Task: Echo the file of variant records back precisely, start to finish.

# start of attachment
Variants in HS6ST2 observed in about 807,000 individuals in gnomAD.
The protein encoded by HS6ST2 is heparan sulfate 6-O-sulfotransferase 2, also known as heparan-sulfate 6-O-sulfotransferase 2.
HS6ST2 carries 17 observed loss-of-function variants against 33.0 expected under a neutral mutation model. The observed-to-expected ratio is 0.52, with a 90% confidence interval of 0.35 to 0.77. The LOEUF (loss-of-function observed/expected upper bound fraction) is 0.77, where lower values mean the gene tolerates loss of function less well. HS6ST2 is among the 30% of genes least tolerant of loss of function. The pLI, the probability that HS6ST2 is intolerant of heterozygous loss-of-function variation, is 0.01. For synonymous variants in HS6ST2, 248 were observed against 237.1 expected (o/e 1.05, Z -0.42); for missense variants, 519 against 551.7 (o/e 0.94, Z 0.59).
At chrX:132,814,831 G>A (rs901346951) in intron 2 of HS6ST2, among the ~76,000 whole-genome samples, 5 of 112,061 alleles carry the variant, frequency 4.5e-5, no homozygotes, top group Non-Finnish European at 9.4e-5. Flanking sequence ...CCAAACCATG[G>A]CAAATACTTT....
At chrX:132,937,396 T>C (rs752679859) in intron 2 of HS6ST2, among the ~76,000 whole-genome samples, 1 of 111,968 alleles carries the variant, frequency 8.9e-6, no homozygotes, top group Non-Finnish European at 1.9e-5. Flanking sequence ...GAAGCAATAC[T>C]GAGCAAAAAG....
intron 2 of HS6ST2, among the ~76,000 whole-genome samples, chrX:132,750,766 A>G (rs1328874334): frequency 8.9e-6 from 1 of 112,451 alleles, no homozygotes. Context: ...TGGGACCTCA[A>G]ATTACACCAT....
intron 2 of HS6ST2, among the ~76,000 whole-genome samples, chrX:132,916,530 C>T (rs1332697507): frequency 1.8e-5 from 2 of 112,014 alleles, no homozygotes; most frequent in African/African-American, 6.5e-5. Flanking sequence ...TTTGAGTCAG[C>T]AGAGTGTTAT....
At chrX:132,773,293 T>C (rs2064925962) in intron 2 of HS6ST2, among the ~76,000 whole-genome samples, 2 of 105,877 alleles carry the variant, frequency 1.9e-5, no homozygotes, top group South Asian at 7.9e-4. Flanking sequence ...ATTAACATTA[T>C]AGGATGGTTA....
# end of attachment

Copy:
Variants in HS6ST2 observed in about 807,000 individuals in gnomAD.
The protein encoded by HS6ST2 is heparan sulfate 6-O-sulfotransferase 2, also known as heparan-sulfate 6-O-sulfotransferase 2.
HS6ST2 carries 17 observed loss-of-function variants against 33.0 expected under a neutral mutation model. The observed-to-expected ratio is 0.52, with a 90% confidence interval of 0.35 to 0.77. The LOEUF (loss-of-function observed/expected upper bound fraction) is 0.77, where lower values mean the gene tolerates loss of function less well. HS6ST2 is among the 30% of genes least tolerant of loss of function. The pLI, the probability that HS6ST2 is intolerant of heterozygous loss-of-function variation, is 0.01. For synonymous variants in HS6ST2, 248 were observed against 237.1 expected (o/e 1.05, Z -0.42); for missense variants, 519 against 551.7 (o/e 0.94, Z 0.59).
At chrX:132,814,831 G>A (rs901346951) in intron 2 of HS6ST2, among the ~76,000 whole-genome samples, 5 of 112,061 alleles carry the variant, frequency 4.5e-5, no homozygotes, top group Non-Finnish European at 9.4e-5. Flanking sequence ...CCAAACCATG[G>A]CAAATACTTT....
At chrX:132,937,396 T>C (rs752679859) in intron 2 of HS6ST2, among the ~76,000 whole-genome samples, 1 of 111,968 alleles carries the variant, frequency 8.9e-6, no homozygotes, top group Non-Finnish European at 1.9e-5. Flanking sequence ...GAAGCAATAC[T>C]GAGCAAAAAG....
intron 2 of HS6ST2, among the ~76,000 whole-genome samples, chrX:132,750,766 A>G (rs1328874334): frequency 8.9e-6 from 1 of 112,451 alleles, no homozygotes. Context: ...TGGGACCTCA[A>G]ATTACACCAT....
intron 2 of HS6ST2, among the ~76,000 whole-genome samples, chrX:132,916,530 C>T (rs1332697507): frequency 1.8e-5 from 2 of 112,014 alleles, no homozygotes; most frequent in African/African-American, 6.5e-5. Flanking sequence ...TTTGAGTCAG[C>T]AGAGTGTTAT....
At chrX:132,773,293 T>C (rs2064925962) in intron 2 of HS6ST2, among the ~76,000 whole-genome samples, 2 of 105,877 alleles carry the variant, frequency 1.9e-5, no homozygotes, top group South Asian at 7.9e-4. Flanking sequence ...ATTAACATTA[T>C]AGGATGGTTA....